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Fiber OLEDs Achieve Performance Levels Comparable to Conventional Counterparts

Photonics.com
Jan 2018
DAEJEON, South Korea, Jan. 15, 2018 — Researchers have fabricated highly efficient OLEDs on an ultrathin fiber for use in wearable displays. The weavable OLEDs, which are formed from a simple, low-temperature solution process, demonstrated performance values comparable to OLEDs fabricated on planar substrates. The values obtained for the fiber OLEDs in the areas of efficiency and lifetime indicate that these solution-processed OLEDs could be applied to cylindrical shaped fibers for use in electronic textiles, without a reduction in performance.

Researchers from Korea Advanced Institute of Science and Technology (KAIST) used a dip-coating method on a 3D fiber to design an OLED structure compatible with fiber.

Fiber-based OLEDs woven into knitted clothing, KAIST.
Fiber-based OLEDs woven into knitted clothes. Courtesy of KAIST.

The team demonstrated that the fiber OLEDs could withstand tensile strain up to 4.3 percent at a radius of 3.5 mm while retaining more than 90 percent of their efficiency. The fiber OLEDs exhibited luminance and current efficiency values of over 10,000  cd/m2 and 11 cd/A.

Through hand-weaving, researchers verified that the fiber OLEDs could be woven into textiles and knitted clothing. To demonstrate the scalability of their proposed scheme, the KAIST researchers tested the approach on fibers in a range of diameters, including 300, 220, 120 and 90 μm, which is thinner than a human hair.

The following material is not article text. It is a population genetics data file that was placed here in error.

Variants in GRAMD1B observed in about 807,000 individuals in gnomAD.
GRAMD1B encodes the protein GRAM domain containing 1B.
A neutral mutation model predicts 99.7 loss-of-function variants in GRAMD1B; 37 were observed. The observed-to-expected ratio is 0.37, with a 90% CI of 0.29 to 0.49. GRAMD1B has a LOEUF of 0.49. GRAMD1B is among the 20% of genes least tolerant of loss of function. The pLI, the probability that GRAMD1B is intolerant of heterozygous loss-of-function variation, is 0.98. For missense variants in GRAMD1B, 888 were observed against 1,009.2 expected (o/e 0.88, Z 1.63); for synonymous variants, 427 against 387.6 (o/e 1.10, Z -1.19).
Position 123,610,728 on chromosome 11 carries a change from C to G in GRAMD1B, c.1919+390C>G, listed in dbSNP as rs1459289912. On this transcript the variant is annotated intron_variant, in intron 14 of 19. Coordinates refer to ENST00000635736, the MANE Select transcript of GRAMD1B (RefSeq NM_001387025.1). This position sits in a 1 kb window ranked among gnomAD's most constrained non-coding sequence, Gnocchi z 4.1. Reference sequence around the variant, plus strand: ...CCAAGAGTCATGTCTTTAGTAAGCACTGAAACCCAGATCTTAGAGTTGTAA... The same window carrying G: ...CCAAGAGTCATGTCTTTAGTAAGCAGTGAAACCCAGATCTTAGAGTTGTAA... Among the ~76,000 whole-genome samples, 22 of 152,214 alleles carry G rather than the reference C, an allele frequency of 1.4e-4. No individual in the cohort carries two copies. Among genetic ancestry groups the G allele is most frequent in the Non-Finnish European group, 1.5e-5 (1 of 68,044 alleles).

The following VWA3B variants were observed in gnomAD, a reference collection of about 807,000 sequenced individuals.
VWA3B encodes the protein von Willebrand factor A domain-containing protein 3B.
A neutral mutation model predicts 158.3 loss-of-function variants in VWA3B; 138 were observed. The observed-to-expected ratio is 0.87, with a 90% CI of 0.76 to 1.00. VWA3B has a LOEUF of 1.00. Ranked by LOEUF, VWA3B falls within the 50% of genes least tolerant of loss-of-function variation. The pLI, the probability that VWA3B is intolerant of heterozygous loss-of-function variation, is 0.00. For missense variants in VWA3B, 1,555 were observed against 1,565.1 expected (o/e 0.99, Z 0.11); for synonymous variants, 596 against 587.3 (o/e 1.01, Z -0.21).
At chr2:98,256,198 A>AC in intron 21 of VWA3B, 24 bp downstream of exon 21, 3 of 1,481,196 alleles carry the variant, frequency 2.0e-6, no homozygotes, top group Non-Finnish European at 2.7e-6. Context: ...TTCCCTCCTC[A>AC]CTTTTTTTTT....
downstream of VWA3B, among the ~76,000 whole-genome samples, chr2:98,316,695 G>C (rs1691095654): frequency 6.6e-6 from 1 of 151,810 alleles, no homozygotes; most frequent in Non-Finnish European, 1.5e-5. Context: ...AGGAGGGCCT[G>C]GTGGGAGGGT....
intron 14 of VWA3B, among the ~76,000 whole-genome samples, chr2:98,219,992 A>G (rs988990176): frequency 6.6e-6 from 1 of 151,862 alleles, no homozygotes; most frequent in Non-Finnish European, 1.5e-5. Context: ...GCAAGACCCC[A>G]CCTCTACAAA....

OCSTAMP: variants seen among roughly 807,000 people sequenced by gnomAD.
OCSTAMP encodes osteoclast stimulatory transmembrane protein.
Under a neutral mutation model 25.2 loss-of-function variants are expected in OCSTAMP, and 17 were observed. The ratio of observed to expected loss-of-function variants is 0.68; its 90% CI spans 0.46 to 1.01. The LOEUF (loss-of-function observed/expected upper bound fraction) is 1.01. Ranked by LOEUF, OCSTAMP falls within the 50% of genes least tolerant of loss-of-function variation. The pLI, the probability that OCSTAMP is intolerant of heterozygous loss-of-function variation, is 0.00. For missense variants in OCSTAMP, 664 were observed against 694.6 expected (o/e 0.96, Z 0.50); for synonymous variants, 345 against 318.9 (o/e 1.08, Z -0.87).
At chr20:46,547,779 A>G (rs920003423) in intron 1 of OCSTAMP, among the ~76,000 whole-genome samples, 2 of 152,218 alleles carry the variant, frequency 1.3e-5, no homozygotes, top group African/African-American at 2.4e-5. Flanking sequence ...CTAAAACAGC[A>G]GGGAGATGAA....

Researchers noted that although the experiments were carried out at a low temperature, fibers vulnerable to high temperatures could also employ this fabrication scheme. They also said that the approach would be suitable for cost-effective reel-to-reel production.

“Existing fiber-based wearable displays had limitations for applicability due to their low performance,"
professor Kyung Cheol Choi said. "However, this technology can fabricate OLEDs with high performance on fibers. This simple, low-cost process opens a way to commercialize fiber-based wearable displays.”

The research was published in Nano Letters (doi: 10.1021/acs.nanolett.7b04204). 


Research & TechnologyAsia-PacificeducationDisplaysfiber opticsOLEDslight sourcesmaterialsConsumerwearable displayswearable electronicsfiber OLEDselectronic textilese-textiles

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